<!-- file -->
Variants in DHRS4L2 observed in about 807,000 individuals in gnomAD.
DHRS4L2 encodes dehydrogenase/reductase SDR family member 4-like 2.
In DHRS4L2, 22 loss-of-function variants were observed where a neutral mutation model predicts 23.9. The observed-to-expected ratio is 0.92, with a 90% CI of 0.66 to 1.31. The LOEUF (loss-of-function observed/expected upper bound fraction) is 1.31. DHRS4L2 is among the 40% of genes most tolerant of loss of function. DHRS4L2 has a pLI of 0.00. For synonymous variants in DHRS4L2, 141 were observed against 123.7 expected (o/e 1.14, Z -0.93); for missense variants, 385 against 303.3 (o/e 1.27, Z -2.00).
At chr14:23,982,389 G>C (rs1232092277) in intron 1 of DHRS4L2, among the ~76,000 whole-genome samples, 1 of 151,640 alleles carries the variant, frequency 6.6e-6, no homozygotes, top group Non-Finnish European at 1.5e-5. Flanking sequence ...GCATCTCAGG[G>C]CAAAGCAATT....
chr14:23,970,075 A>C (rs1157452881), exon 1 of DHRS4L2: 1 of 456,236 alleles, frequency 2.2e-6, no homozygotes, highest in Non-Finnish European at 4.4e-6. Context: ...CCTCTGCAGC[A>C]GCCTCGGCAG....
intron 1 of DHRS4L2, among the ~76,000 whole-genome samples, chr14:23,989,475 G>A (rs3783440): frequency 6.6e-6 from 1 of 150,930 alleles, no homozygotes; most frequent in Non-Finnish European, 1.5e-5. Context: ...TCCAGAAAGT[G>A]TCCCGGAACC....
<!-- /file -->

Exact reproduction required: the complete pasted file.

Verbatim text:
Variants in DHRS4L2 observed in about 807,000 individuals in gnomAD.
DHRS4L2 encodes dehydrogenase/reductase SDR family member 4-like 2.
In DHRS4L2, 22 loss-of-function variants were observed where a neutral mutation model predicts 23.9. The observed-to-expected ratio is 0.92, with a 90% CI of 0.66 to 1.31. The LOEUF (loss-of-function observed/expected upper bound fraction) is 1.31. DHRS4L2 is among the 40% of genes most tolerant of loss of function. DHRS4L2 has a pLI of 0.00. For synonymous variants in DHRS4L2, 141 were observed against 123.7 expected (o/e 1.14, Z -0.93); for missense variants, 385 against 303.3 (o/e 1.27, Z -2.00).
At chr14:23,982,389 G>C (rs1232092277) in intron 1 of DHRS4L2, among the ~76,000 whole-genome samples, 1 of 151,640 alleles carries the variant, frequency 6.6e-6, no homozygotes, top group Non-Finnish European at 1.5e-5. Flanking sequence ...GCATCTCAGG[G>C]CAAAGCAATT....
chr14:23,970,075 A>C (rs1157452881), exon 1 of DHRS4L2: 1 of 456,236 alleles, frequency 2.2e-6, no homozygotes, highest in Non-Finnish European at 4.4e-6. Context: ...CCTCTGCAGC[A>C]GCCTCGGCAG....
intron 1 of DHRS4L2, among the ~76,000 whole-genome samples, chr14:23,989,475 G>A (rs3783440): frequency 6.6e-6 from 1 of 150,930 alleles, no homozygotes; most frequent in Non-Finnish European, 1.5e-5. Context: ...TCCAGAAAGT[G>A]TCCCGGAACC....